Shane MacGowan’s Most Memorable Musical Moments — the Pogues and Solo



Regarded for his wrenching, joyful lyricism as a bard of all things Irish, Shane MacGowan – the singer-songwriter known mostly for his work as frontman of the Celtic punk phenomenon the Pogues – was truly a tender poet of universal concern. Social blight, childhood dreams, national pride, coy romanticism, bloody Anglo-Irish politics, painful histories, the glee we get from raising a pint or 12: this is the stuff of MacGown’s finest songs, whether with the Pogues, his solo work or in collaboration with fellow punk poets Nick Cave, Joe Strummer and most famously, Kirsty MacColl.

With his passing Thursday morning at the age of 65, Variety looks at the most memorable moments of Shane MacGowan’s licentious legacy.

The Nipple Erectors, “King of the Bop” (1978)
Like every kid in London and Belfast in the latter-half of the 1970s, MacGowan (or rather ‘Shane O’Hooligan’ as he was known then) was a hard-driving, leather-clad punk-rocker. On his debut single with the Nipple Erectors, “King of the Bop” is more jangling than it is spiky, and asks more questions about its topic – who is this person and why are they so valued? Though hardly the stuff of the rousing crusty Irish jigs and reels that would follow as part of the Pogues, MacGowan’s first, choppy record signaled things to come.

The Pogues, “Dark Streets of London” (1984)
MacGowan took the energy and melodicism of the punk-rock he made with the Nipple Erectors to the sound (and wheezing, whistling instrumentation) of traditional Irish folk music on this, the earliest of Pogues singles. Written fully by MacGowan, his “Dark Streets” were as filled with dewy, blooming roses and bright warm summers as they were London’s bleak accord.

The Pogues, “The Sick Bed of Cúchulainn” (1985)If there is one song where MacGowan shows off his gutter-poet persona to its mesmerizing, literate, storytelling finest, it’s the first track from “Rum Sodomy & the Lash,” and MacGown’s tortured take on Irish mythology and the curse that fell upon its warriors and their women. Stirring stuff.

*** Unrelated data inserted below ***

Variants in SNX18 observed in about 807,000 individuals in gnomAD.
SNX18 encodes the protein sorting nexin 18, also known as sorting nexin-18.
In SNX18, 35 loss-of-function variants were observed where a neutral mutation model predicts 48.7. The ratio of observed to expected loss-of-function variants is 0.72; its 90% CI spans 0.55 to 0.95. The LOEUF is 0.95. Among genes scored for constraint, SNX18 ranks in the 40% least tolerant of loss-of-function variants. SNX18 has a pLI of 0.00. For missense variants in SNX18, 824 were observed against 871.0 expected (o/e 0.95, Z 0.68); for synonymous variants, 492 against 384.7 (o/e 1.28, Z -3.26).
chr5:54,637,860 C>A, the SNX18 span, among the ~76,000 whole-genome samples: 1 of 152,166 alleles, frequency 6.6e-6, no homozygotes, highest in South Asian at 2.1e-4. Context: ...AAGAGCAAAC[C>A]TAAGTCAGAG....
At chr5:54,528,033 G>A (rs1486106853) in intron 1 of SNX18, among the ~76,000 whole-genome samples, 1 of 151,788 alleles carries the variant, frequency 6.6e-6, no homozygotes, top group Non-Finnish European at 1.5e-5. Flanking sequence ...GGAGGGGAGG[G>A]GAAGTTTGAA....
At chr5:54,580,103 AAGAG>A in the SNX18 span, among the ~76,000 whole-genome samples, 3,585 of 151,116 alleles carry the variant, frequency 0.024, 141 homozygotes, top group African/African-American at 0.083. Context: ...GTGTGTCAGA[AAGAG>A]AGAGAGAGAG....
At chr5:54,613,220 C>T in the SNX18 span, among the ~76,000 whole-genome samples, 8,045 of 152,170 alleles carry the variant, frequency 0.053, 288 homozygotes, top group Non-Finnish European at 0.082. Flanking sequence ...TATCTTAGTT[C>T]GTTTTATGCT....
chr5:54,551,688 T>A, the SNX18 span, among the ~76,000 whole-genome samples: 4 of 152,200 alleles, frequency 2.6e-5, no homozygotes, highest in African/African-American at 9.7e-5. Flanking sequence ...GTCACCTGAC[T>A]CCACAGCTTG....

The Pogues, “Dirty Old Town” (1985)
As modern-day interpreters of socially-minded British folk and folklore, the Pogues had no rival. What’s most fascinating about their country-esque cover of Ewan MacColl’s cutting classic “Dirty Old Town” is that, for their next album, 1988’s “If I Should Fall From Grace With God,”, MacGowan and company would record their best-loved track with MacColl’s daughter.

The Pogues and Kirsty MacColl, “Fairytale of New York” (1987)
It’s remarkable that MacGowan and Pogues’ banjo player-songwriter Jem Finer’s take on Irish American writer J. P. Donleavy’s novel is now a Christmas classic covered by Taylor Swift’s beau Travis Kelce and his footballing brother Jason. The Pogues’ single with the late Kirsty MacColl – one of the U.K.’s finest, broad-voiced singers and songwriters in her own right – moves from soft, supple balladry and humble storytelling to rudely jangling jig with a score of not-at-all-romantic, non-PC lyrics. MacGowan’s gruff-edged voice and MacColl’s honeyed, catty curl sound brilliant when merged as one as brawling lovers.

The Pogues, “Fiesta” (1988)
Like their brothers in arms, the Clash, MacGowan’s Pogues toyed tremendously with the merging of punk, British folk and Latin pulses to exquisite, bold rhythmic effect. Of course, MacGowan makes it all personal, merging the history of the Spanish city of Almería to the departure of Pogues bassist Cait O’Riordan.

Shane MacGowan and Nick Cave, “What a Wonderful World” (1992)
Two of the Western world’s finest lyricists take on Bob Thiele and George David Weiss’s ballad for Louis Armstrong in quiet and lushly orchestrated fashion. Gorgeous. Cave and MacGowan got together again with Chrissie Hynde, the Clash’s Mick Jones, Johnny Depp and Paloma Faith for a spooky, plinking version of Screaming Jay Hawkins’ “I Put a Spell on You” in 2010, but nothing beats the wonder of “Wonderful World.”

Shane MacGowan and the Popes, “The Church of The Holy Spook” (1994)
Once ousted from the Pogues, MacGowan grew even more restless and unbound, vocally and lyrically. Take his solo debut with the Popes’ 1994 album “The Snake” and its springy, revved-up take on that old-time religion.

Shane MacGowan and the Popes, “That Woman’s Got Me Drinking” 1994)
MacGowan nobly marries two of his favorite poetic subjects – wine and women – with a spry, metallic take on quick-paced rockabilly.

Various artists, “Perfect Day” (1997)
Released in collaboration with the Children in Need charity, and featuring the more mellifluous likes of Bono, David Bowie and Emmylou Harris, this cover of Lou Reed’s pensive glam ballad has its best moment come when MacGowan utters the words, “it’s just fun,” with subtly blank euphoria.


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